Thesis or Dissertation Growth factors for uncultured bacteria and structural requirements of quercetin for inhibiting advanced glycation end products (AGEs) formation [an abstract of entire text]


The growth of strain ASN212 related to Leucobacter sp. was stimulated by thesupernatant of Sphingopyxis sp. strain GF9. In this study, novel porphyrin type growthfactors produced by strain GF9 were identified to induce vigorous proliferation of apreviously uncultured bacterial strain ASN212 at the picomolar to nanomolar levels.Even more surprisingly, the growth factors showed self-toxicities against the growthfactor producing bacterium, strain GF9 at the picomolar to nanomolar levels. Thesecond part of this study is the elucidation of structure-activity relationships for thedietary flavonoid, quercetin and its structural requirements for inhibition of advancedglycation end products (AGEs) formation. The study revealed that quercetin can rapidlytrap methylglyoxal (MGO) by forming mono- and di-MGO adducts under the oxygenfreeconditions. The positions C6 and C8 on the A ring of quercetin were the majoractive sites for trapping MGO that comprise the essential structural requirement forquercetin to inhibit AGEs formation.1. Identification of strain ASN212 growth factors produced by strain GF9Production of growth factors for strain ASN212 was achieved by a 72-h culture ofstrain GF9 in a 100 L stirred tank bioreactor (three batches). The active MeOH solublefraction (dried, 150 g) obtained from 210 l of culture broth was subjected to DiaionHP20 column chromatography to give a MeOH eluting fraction, which induced growthof strain ASN212 at equivalent concentration (EC). Further bioassay guidedfractionations by Sephadex LH-20 column chromatography led to the identification ofthe active fractions. Subsequent preparative ODS HPLC gave six different growthfactors A-F, which were identified as zinc coproporphyrin I (0.8 mg), coproporphyrin I(0.3 mg), zincphyrin (3.0 mg), coproporphyrin III (1.2 mg), structurally newzincmethylphyrin I (0.8 mg) and zincmethylphyrin III (2.0 mg). Minimun effective concentrations (MECs) were determined by measuring the dry weight of bacterial cellsfrom a 70-ml culture of strain ASN212 stimulated by each individual growth factor. Thegrowth stimulating-activity of growth factor C was most evident with a MEC value of14 pM followed by growth factor D (1.5 nM), F (4.8 nM), E (9.6 nM), A (20 nM), B(38 nM), respectively. A panel of commercial and synthetic porphyrins was tested toexplore the generality of porphyrin as growth factor for strain ASN212, whilecoproporphyrin I dihydrochloride, coproporphyrin III dihydrochloride, coproporphyrinIII tetramethyl ester, hemin and hematin showed significant growth stimulation of strainASN212. The structure of growth factors E and F named as zincmethylphyrin I andzincmethylphyrin III were determined by NMR analyses. It was also noteworthy that allsix growth factors completely inhibited the growth of strain GF9 itself, and the cocultureexperiments implied that strains GF9 and ASN212 are dependent on each otherfor their growth and survival in the environments. These results suggest thatcoproporphyrins function as global signal molecules that sustain the complex microbialcommunities as a network system. This research has broken new ground bydemonstrating that coproporphyrins produced by strain GF9 or commercially availableporphyrins could have an impact on the growth of previously uncultured bacterial strainin laboratory conditions.2. Structural requirements of quercetin for inhibiting AGEs formationStructure-activity relationship studies on fourteen commercial flavonoids indicatedthat quercetin was the most potent inhibitor against AGEs formation in glucose-, riboseorMGO-mediated bovine serum albumin (BSA) assay systems. To address thestructural requirement of quercetin as a potent inhibitor of AGEs formation, BSA wasincubated with MGO under both in conventional and oxygen-free conditions. Thereaction of quercetin with MGO in the presence of BSA yielded four different products.The structures of these compounds were determined to be quercetin-MGO diadduct, twodifferent quercetin-MGO monoadducts, and 2,3-dihydroxybenzoic acid. 2,3-Dihydroxybenzoic acid should be formed by an oxidative degradation of A and C ringsof quercetin, and no other degradation products were detected. Under the conventionalconditions, MGO accelerated the oxidative degradation of quercetin to form 2,3-dihydroxybenzoic acid. However, the diadduct formation of quercetin with MGO wasaccelerated under oxygen-free conditions, whereas the degradation of quercetin wassuppressed. The C6 and C8 positions of the A ring in quercetin were the major activesites for trapping MGO to form both mono- and diadducts. These results might providea new insight to prevent diabetes complications and aging caused by AGEs formation.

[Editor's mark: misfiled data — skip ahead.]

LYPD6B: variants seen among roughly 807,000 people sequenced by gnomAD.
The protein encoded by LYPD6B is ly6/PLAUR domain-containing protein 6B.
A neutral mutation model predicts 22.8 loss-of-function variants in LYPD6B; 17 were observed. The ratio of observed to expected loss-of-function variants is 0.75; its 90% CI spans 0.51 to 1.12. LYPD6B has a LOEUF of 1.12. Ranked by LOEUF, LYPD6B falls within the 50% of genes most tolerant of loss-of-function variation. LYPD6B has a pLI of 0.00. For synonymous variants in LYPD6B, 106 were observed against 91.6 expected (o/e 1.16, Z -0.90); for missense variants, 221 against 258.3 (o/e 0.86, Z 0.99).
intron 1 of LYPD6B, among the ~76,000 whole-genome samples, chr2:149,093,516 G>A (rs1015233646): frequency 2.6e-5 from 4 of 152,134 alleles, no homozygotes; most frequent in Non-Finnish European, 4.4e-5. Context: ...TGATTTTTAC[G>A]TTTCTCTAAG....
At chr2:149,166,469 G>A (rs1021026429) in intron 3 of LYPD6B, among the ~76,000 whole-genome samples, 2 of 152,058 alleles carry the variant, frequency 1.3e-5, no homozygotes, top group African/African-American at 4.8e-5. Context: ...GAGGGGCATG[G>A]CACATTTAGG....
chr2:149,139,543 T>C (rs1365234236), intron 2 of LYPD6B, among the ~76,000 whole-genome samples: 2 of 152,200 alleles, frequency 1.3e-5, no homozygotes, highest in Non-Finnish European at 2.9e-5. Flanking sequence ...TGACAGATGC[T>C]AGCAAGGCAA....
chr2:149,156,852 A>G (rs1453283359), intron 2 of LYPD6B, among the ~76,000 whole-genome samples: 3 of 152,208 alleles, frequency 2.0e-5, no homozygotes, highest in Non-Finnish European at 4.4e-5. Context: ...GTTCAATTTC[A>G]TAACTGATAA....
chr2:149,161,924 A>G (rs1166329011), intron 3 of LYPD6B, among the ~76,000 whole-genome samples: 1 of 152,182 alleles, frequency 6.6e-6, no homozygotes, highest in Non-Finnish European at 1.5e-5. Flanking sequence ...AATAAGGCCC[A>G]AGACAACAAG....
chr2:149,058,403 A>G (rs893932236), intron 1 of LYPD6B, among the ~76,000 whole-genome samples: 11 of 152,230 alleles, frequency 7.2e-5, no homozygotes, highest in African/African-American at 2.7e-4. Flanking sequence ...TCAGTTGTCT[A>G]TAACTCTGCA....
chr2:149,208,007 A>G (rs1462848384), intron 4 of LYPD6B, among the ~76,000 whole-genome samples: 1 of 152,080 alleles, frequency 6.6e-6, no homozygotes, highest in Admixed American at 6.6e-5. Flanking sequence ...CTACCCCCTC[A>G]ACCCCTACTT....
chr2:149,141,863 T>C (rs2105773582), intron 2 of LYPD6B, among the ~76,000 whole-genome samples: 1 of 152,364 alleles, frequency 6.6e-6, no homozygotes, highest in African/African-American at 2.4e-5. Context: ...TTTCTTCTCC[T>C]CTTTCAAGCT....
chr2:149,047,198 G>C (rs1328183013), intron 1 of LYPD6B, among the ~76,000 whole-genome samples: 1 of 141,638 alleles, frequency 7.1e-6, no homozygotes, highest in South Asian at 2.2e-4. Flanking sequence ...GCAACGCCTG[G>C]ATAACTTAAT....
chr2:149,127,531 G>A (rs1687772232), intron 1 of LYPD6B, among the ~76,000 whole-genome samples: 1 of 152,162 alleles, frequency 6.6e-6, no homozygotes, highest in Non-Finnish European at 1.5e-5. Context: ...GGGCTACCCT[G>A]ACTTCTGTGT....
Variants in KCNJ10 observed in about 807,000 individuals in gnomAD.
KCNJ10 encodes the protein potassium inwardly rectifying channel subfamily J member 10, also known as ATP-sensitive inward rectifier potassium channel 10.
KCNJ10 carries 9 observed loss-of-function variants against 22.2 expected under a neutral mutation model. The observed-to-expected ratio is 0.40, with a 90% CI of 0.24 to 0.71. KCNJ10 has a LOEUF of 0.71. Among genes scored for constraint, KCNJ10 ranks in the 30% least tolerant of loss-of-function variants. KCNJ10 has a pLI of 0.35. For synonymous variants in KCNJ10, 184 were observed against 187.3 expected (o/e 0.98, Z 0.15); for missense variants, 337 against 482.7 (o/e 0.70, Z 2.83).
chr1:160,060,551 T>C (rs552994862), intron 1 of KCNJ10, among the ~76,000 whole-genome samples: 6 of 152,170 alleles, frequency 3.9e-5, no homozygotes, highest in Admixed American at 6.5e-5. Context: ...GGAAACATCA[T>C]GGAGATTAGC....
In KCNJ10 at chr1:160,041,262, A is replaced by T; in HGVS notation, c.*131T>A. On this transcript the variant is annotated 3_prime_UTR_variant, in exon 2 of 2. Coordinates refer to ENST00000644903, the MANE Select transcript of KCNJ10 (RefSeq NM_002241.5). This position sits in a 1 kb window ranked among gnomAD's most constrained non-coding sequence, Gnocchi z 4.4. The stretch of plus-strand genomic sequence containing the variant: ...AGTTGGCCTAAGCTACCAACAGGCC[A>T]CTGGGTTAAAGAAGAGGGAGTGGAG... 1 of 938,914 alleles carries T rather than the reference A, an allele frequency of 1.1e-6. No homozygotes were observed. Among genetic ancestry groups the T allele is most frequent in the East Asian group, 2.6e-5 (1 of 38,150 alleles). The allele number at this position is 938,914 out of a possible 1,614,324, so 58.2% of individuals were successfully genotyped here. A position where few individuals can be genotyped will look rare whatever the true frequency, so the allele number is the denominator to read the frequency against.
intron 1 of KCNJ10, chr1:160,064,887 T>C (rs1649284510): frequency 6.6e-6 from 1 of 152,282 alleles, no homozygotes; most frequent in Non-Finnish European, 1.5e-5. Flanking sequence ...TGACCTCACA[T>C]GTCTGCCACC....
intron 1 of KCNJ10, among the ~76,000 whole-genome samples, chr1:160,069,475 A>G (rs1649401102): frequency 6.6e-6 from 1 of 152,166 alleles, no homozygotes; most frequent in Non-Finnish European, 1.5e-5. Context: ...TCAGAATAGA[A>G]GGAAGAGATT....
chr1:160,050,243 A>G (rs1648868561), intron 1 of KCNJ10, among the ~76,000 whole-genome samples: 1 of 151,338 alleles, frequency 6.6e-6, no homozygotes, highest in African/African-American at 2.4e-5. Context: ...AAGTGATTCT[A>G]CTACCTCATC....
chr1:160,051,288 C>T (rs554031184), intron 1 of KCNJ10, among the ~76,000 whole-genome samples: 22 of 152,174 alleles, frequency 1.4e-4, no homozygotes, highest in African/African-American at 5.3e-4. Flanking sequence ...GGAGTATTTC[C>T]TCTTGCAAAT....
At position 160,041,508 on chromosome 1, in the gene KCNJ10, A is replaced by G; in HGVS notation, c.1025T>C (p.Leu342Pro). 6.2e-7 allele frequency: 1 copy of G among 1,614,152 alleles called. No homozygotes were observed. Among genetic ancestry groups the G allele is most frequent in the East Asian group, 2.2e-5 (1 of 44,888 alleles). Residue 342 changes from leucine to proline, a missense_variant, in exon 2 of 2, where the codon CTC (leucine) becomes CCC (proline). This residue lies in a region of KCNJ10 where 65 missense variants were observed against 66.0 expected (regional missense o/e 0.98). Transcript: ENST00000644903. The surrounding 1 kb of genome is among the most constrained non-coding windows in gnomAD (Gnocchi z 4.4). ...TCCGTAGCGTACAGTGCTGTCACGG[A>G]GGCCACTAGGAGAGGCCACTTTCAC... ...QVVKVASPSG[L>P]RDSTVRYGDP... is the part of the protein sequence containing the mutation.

Hokkaido University(北海道大学). 博士(農学)

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